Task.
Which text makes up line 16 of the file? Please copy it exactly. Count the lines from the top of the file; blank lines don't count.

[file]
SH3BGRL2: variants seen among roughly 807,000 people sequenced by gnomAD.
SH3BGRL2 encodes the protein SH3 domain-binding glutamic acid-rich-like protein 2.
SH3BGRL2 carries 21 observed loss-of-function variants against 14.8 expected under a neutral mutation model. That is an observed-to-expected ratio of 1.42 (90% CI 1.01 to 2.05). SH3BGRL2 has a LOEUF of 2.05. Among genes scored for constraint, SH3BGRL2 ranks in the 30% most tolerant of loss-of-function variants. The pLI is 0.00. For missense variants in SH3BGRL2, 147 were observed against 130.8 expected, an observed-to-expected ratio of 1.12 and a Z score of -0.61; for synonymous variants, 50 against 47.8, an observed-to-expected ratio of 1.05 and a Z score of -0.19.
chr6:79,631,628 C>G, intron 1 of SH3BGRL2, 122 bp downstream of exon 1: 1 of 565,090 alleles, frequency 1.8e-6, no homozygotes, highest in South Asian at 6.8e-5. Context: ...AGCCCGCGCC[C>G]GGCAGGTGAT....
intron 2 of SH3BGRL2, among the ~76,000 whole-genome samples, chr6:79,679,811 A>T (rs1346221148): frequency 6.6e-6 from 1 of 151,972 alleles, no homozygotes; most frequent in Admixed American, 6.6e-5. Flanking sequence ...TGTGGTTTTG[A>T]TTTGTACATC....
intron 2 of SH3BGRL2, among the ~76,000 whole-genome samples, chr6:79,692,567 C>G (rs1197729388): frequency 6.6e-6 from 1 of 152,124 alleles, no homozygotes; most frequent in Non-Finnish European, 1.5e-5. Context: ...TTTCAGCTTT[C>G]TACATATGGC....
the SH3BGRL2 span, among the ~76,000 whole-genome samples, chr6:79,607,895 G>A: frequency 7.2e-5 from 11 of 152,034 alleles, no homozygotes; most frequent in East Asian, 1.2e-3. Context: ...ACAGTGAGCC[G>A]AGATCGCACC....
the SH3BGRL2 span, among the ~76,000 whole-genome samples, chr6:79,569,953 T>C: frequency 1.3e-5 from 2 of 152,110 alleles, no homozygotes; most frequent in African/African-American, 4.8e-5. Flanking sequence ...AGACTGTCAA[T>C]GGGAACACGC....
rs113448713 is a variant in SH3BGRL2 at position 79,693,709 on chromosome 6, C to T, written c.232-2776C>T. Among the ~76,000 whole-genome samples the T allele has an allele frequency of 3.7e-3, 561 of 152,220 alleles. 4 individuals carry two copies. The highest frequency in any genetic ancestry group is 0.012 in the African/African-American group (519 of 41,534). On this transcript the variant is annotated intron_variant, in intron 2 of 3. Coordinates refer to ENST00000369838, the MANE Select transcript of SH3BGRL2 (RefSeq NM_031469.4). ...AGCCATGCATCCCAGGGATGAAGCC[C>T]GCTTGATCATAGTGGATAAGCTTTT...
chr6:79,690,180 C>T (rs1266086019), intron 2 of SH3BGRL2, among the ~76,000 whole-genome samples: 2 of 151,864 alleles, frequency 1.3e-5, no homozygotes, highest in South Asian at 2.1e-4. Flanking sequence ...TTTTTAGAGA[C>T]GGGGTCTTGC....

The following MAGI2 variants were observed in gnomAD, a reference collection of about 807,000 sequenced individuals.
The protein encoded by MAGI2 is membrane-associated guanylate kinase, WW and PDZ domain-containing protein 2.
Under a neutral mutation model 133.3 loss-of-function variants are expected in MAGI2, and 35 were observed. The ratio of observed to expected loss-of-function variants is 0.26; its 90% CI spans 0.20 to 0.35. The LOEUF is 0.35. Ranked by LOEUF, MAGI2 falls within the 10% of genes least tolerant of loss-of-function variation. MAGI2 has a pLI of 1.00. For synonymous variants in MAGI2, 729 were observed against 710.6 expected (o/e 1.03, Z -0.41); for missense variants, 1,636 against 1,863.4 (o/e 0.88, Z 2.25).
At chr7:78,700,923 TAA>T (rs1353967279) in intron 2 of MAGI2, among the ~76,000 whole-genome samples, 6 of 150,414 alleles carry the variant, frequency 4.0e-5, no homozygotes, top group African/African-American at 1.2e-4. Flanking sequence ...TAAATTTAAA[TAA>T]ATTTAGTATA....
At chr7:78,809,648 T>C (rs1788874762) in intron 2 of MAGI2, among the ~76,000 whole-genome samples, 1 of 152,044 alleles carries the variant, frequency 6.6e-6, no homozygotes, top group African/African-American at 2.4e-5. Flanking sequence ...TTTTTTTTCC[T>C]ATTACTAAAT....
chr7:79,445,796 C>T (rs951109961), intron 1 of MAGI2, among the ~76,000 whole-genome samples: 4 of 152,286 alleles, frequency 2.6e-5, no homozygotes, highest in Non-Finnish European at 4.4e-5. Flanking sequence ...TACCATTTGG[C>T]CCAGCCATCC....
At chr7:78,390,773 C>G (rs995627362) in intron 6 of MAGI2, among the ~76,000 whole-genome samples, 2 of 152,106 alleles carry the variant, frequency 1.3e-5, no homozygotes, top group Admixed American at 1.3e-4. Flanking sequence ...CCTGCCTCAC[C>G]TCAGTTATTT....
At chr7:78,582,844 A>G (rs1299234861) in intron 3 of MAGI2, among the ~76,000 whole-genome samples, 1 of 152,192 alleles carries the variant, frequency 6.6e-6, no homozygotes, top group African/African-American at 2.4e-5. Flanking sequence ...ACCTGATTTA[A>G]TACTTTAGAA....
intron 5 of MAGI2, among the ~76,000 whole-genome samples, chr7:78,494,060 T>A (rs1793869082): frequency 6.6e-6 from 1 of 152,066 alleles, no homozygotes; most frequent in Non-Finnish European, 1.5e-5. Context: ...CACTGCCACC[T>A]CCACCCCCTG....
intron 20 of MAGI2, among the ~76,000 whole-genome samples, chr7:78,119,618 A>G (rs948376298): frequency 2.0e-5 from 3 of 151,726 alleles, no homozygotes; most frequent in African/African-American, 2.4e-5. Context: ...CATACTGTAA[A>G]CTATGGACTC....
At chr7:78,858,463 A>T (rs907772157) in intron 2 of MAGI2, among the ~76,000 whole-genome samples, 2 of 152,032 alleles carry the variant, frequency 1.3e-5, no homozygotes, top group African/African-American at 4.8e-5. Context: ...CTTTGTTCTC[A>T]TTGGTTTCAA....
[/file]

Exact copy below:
chr7:79,445,796 C>T (rs951109961), intron 1 of MAGI2, among the ~76,000 whole-genome samples: 4 of 152,286 alleles, frequency 2.6e-5, no homozygotes, highest in Non-Finnish European at 4.4e-5. Flanking sequence ...TACCATTTGG[C>T]CCAGCCATCC....